13 Swart and Nicol v De Kock Garner 1951 (3) SA 589 (A) at 623.
14 Patullo v Colonial Government 1876 NLR 22 at 27.
15 Le Roux v Van Biljon  2 All SA 175 (T) at179.
16 1927 TPD 562 at 573.
17 See Blore v Standard General Insurance Co Ltd 1972 (2) SA 89 (O) at 94; Minister van Polisie en Binnelandse Sake v VanAswegen 1974 (2) SA 101 (A) at 105; Knight v Findlay 1934 NPD 185 at 191.
18 Van Eck v Clyde Brickfields (Pty) Ltd  JOL 17208 (T) in par ; see, also, Laskey v Showzone CC  4 All SA 1162 (C) in par ; Anglo Operations Ltd v Sandhurst Estates (Pty) Ltd 2006 (1) SA 350 (T) at 365; Colonial Development (Pty) Ltd v Outer West Local Council; Bailes v Town & Regional Planning Commission  JOL 17815 (N) at 34; Sun International of Lesotho (Pty) Ltd v Zakhura  LSCA 71 in par . In Waterhouse Properties CC v Hyperception Properties 572 CC  JOL 21071 (O) at 6, the Court remarked that this maxim forms the "essence of common-law nuisance".
19 Cf, also, Allaclas Investments (Pty) Ltd v Milnerton Golf Club 2008 (3) SA 134 (SCA) in par ; PGB Boerdery Beleggings Edms Bpk v Somerville 62 (Edms) Bpk 2008 (2) SA 428 (SCA) in par .
20  JOL 30141 (GSJ) in par .
21 See, eg, Le Roux v Dey 2011 (3) SA 274 (CC) in pars -. In Edouard v Administrator, Natal 1989 (2) SA 368 (D), in an action for damages for breach of contract, the notion of honeste vivere came to the fore in the following remark: "That sound morality and civic honesty are cornerstones of the social edifice is a truism which needs no reinforcement by argument" (at 378). Cf, also, Barkhuizen v Napier 2007 (5) SA 323 (CC) in par  where the Court noted that the maxim lex non cogit ad impossibilia (D 50 17 185) "derives from the principles of justice and equity which underlie the common law"; see, also, pars  and ; cf, further, Brisley v Drotsky 2002 (4) SA 1 (SCA) in par .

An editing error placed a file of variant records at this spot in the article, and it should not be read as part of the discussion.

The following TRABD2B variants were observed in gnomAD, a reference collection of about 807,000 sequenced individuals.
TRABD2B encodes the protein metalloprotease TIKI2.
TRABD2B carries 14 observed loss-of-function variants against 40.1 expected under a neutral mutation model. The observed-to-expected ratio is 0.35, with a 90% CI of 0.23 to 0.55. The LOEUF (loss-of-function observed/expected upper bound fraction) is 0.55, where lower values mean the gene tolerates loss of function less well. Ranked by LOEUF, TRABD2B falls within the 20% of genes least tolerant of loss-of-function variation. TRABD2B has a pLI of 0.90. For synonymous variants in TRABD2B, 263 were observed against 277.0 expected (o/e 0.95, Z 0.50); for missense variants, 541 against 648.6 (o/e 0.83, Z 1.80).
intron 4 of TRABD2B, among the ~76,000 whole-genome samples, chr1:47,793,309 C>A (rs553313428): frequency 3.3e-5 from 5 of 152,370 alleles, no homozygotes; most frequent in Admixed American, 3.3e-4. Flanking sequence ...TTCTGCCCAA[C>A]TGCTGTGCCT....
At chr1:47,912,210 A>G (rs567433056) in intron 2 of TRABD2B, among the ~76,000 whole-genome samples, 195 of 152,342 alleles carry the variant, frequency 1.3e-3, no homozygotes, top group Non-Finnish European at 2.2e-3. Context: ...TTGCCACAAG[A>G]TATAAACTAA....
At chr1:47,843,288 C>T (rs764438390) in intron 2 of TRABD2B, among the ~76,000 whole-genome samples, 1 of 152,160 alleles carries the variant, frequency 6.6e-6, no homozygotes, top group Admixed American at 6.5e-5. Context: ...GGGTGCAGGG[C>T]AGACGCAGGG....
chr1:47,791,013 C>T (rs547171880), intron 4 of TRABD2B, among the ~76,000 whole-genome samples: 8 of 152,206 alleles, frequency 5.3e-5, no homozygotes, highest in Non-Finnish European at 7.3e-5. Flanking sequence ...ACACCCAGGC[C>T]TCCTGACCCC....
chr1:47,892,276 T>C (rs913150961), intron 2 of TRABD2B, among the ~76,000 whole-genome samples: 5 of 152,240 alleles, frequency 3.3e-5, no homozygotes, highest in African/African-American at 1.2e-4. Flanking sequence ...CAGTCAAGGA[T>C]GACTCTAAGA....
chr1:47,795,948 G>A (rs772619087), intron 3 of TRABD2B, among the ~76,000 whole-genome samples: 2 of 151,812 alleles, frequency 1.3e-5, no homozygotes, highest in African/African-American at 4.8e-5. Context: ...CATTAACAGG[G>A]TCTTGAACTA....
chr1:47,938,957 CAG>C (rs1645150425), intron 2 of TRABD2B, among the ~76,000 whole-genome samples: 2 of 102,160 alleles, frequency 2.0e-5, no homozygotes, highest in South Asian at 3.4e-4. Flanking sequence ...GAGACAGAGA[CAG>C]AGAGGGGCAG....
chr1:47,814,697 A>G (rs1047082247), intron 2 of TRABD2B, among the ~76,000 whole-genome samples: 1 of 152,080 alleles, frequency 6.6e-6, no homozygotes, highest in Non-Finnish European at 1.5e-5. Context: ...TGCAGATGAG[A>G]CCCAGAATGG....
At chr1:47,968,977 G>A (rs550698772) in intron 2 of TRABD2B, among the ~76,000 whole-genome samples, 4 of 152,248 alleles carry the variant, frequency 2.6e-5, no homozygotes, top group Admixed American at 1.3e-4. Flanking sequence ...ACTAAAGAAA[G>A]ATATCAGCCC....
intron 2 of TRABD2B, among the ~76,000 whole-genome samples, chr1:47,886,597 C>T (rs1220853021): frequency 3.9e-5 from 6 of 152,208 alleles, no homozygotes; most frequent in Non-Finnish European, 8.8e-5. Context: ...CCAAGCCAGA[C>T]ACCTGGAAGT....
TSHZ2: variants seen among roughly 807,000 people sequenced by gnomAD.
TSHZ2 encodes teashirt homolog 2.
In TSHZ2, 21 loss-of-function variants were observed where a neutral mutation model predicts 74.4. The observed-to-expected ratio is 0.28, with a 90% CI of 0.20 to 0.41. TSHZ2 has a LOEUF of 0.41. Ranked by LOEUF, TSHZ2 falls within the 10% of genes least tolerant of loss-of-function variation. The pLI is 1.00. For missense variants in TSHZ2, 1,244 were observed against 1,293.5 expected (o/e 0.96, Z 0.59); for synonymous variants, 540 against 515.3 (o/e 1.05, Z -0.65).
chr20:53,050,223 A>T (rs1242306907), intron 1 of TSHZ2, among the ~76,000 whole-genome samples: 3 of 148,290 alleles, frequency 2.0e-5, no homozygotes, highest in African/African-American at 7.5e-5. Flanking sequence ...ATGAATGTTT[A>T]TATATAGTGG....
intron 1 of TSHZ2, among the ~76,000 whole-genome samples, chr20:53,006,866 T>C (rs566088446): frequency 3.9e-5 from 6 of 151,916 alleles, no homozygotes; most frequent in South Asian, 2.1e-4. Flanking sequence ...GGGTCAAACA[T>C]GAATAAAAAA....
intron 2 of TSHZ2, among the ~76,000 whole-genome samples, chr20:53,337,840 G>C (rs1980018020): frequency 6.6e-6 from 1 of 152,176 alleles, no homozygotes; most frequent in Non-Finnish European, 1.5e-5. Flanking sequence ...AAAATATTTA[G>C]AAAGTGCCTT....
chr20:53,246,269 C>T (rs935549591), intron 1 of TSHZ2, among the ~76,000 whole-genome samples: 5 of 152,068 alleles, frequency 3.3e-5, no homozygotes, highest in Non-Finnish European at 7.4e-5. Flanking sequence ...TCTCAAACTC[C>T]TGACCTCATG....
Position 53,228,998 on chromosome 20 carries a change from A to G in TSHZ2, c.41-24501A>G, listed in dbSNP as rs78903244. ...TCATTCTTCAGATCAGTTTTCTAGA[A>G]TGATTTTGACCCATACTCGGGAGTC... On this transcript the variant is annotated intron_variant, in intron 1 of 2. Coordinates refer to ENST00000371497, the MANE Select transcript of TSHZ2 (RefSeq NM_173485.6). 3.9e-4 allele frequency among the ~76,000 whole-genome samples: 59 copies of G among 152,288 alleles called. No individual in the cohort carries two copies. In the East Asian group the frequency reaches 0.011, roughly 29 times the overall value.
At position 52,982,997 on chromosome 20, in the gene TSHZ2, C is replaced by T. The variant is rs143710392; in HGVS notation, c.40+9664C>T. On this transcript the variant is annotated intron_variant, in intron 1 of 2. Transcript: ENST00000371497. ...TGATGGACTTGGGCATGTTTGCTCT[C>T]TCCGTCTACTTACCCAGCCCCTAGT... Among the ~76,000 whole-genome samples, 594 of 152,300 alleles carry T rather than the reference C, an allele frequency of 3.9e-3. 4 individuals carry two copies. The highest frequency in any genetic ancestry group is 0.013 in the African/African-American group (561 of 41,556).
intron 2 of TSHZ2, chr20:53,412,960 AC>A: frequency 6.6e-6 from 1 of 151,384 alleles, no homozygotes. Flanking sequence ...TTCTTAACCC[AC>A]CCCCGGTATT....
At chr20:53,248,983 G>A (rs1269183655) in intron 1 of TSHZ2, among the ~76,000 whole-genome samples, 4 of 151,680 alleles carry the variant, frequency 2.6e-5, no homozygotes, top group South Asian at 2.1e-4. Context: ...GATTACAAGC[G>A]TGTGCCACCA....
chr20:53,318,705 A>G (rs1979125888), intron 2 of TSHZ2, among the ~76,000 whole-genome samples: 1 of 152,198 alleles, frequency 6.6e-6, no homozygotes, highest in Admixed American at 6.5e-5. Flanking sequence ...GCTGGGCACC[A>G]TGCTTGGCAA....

22 See, eg, Le Roux v Dey (n 21) in par ; Dikoko v Mokhatla 2006 (6) SA 235 (CC) in par .
23 Eg, in S v Zuma 1995 (2) SA 642 (CC) in par the Court stressed that in the new constitutional dispensation "the principles of law which have hitherto governed our courts" should not be ignored as they "obviously contain much of lasting value".
24  4 All SA 62 (AD) at 72, quoting Lord Tomlin in the seminal case of Pearl Assurance Company Limited v Government of the Union of South Africa 1934 AC 570. In the Namibian case of S v Tcoeib 1 SACR 274 (NM) at 286, the Court regarded the precept of alterum non laedere as important enough to be included in a bill of rights. There is a strong link between the legal history of South Africa and that of Namibia, which also has a civilian tradition.
25 See, eg, EA Hoebel The Law of Primitive Man. A Study in Comparative Legal Dynamics (Cambridge, 1954); Roscoe Pound Social Control through Law (Hamden, Conn, 1968) Masaji Chiba Legal Pluralism Toward a General Theory through Japanese Legal Culture (Tokyo, 1989) (hereafter Chiba Legal Pluralism); Masaji Chiba "Legal pluralism in Sri Lankan society: Toward a general theory of non-western law" (1993) 33 J of Legal Pluralism and Unofficial Law 197-212; [ Links ] Elise Nalbandian "Sociological jurisprudence: Roscoe Pound's discussion on legal interests and jural postulates" (2011) 5(1) Mizan LR 141-149. [ Links ]
26 Chiba Legal Pluralism (n 25) at 94-95.
27 Laurens Winkel "The role of general principles in Roman law" (1996) 2(1) Fundamina 103-120 at 104 regards them as "definitions of justice". [ Links ] See, further, the various translations of D 1 1 10 1 ("Iuris praecepta sunt haec: honeste vivere, alterum non laedere, suum cuique tribuere") and Inst 1 1 3: In his The Digest of Justinian vol 1 (Philadelphia, Penn, 1985), Alan Watson translates praecepta iuris as "basic principles"; JAC Thomas The Institutes of Justinian. Text Translation and Commentary (Cape Town, 1975) as "precepts of law"; [ Links ] JE Spruit et al Corpus iuris civilis. Tekst en vertaling vol 2 ('s-Gravenhage, 1994) as "grondbeginselen van het recht"; AC Oltmans De instituten van Justinianus. Vertaling, tabellen en register (Haarlem, 1967) as "grondregels van het recht"; TC Sandars The Institutes of Justinian (London, 1934) as "maxims of the law": see Part 1 of this contribution (n 5) par 2.
28 Pound (n 25) at 112; cf, also, Nalbandian (n 25) at 145 ff. Chiba Legal Pluralism (n 25) at 87, 138-140, 178 describes these foundational postulates of law as a separate tier of law, with official and unofficial law as the other two in his three-tier paradigm of law.
29 Cf Part 1 of this contribution (n 5) par 4 for Grotius's perception of natural law.